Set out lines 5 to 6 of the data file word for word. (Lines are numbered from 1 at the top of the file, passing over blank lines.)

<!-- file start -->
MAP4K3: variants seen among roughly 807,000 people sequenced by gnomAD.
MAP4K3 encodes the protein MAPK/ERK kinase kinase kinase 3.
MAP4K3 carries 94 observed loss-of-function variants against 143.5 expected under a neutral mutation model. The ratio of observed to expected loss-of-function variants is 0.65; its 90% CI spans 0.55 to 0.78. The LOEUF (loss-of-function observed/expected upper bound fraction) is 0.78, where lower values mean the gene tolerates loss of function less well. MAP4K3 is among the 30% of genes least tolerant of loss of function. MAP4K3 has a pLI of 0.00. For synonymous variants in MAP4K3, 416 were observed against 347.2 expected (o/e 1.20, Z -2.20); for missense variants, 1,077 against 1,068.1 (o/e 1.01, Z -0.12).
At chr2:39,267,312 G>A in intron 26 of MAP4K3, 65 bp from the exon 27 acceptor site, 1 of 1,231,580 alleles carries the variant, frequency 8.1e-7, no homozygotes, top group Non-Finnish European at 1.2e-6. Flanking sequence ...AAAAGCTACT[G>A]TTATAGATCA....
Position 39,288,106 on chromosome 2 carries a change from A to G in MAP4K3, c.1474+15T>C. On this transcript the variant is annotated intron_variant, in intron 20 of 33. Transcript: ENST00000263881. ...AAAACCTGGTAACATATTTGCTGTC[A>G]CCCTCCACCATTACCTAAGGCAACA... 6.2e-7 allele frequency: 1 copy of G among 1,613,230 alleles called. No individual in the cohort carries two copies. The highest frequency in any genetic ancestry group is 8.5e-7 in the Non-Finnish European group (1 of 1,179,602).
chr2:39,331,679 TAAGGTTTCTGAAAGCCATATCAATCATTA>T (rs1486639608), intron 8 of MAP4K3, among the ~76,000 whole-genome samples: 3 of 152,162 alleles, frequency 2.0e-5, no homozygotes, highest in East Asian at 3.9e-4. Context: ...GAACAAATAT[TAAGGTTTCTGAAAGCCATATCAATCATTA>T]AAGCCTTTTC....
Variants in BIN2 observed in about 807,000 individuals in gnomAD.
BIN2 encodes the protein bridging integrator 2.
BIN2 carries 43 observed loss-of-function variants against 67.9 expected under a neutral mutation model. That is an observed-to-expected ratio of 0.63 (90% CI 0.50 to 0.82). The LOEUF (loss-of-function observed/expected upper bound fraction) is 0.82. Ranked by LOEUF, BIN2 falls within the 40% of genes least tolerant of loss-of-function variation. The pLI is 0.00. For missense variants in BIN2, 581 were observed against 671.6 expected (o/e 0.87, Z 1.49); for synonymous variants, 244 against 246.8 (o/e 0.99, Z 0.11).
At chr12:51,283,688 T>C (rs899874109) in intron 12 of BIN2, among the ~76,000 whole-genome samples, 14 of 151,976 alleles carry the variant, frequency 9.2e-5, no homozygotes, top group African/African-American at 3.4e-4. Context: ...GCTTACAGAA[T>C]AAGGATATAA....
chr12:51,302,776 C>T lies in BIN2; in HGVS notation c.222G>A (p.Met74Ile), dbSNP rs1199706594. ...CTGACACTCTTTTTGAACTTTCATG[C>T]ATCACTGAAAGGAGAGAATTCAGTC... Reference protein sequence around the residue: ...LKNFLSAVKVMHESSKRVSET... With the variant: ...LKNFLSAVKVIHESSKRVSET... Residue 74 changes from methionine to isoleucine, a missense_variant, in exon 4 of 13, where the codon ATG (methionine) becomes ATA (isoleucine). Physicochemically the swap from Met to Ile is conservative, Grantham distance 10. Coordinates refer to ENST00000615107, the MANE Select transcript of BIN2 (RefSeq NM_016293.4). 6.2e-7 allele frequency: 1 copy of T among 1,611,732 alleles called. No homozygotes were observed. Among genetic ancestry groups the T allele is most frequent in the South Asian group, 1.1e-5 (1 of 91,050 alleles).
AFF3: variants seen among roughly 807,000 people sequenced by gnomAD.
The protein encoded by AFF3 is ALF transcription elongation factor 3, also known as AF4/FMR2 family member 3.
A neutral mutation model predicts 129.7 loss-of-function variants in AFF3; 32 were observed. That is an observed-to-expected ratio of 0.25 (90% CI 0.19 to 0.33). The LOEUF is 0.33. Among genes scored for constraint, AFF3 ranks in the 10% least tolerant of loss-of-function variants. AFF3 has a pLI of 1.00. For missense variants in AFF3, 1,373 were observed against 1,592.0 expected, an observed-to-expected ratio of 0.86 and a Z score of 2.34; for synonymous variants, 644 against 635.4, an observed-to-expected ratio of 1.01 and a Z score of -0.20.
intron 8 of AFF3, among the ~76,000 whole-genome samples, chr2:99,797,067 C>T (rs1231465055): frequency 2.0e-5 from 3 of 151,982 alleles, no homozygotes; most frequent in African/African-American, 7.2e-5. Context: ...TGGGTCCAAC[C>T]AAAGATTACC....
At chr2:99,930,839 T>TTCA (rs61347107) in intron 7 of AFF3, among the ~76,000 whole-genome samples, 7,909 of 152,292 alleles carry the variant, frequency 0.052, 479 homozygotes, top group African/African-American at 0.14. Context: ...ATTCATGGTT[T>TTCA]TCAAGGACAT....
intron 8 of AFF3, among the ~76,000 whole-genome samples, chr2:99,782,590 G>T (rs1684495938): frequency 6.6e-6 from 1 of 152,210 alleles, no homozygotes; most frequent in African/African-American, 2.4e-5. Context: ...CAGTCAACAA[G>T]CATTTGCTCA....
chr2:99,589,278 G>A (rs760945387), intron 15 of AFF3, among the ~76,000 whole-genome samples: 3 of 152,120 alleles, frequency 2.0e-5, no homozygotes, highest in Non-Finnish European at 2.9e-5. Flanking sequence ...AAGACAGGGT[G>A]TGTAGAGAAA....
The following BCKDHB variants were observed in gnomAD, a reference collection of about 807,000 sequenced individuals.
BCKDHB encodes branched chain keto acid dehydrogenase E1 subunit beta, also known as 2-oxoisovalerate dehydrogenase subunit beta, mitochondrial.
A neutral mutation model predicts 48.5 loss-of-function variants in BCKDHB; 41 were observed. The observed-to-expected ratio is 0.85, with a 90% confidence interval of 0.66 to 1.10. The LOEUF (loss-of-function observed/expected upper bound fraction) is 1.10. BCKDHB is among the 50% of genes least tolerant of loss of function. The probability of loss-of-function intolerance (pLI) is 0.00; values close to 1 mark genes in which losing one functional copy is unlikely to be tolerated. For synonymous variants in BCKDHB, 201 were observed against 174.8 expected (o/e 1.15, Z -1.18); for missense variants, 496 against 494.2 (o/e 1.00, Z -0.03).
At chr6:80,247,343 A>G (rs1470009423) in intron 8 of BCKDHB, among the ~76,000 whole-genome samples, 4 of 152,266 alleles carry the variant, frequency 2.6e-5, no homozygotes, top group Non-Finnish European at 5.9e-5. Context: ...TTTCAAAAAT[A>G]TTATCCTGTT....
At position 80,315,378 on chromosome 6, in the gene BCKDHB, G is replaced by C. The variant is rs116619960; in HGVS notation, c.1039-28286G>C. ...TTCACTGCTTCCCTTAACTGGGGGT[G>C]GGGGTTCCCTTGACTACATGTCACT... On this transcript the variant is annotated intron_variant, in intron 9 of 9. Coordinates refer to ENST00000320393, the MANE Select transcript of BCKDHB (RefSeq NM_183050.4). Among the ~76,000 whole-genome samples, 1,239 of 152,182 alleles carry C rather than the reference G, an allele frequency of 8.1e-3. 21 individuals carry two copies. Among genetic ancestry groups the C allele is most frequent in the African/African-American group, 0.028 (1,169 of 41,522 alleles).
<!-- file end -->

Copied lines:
Position 39,288,106 on chromosome 2 carries a change from A to G in MAP4K3, c.1474+15T>C. On this transcript the variant is annotated intron_variant, in intron 20 of 33. Transcript: ENST00000263881. ...AAAACCTGGTAACATATTTGCTGTC[A>G]CCCTCCACCATTACCTAAGGCAACA... 6.2e-7 allele frequency: 1 copy of G among 1,613,230 alleles called. No individual in the cohort carries two copies. The highest frequency in any genetic ancestry group is 8.5e-7 in the Non-Finnish European group (1 of 1,179,602).
chr2:39,331,679 TAAGGTTTCTGAAAGCCATATCAATCATTA>T (rs1486639608), intron 8 of MAP4K3, among the ~76,000 whole-genome samples: 3 of 152,162 alleles, frequency 2.0e-5, no homozygotes, highest in East Asian at 3.9e-4. Context: ...GAACAAATAT[TAAGGTTTCTGAAAGCCATATCAATCATTA>T]AAGCCTTTTC....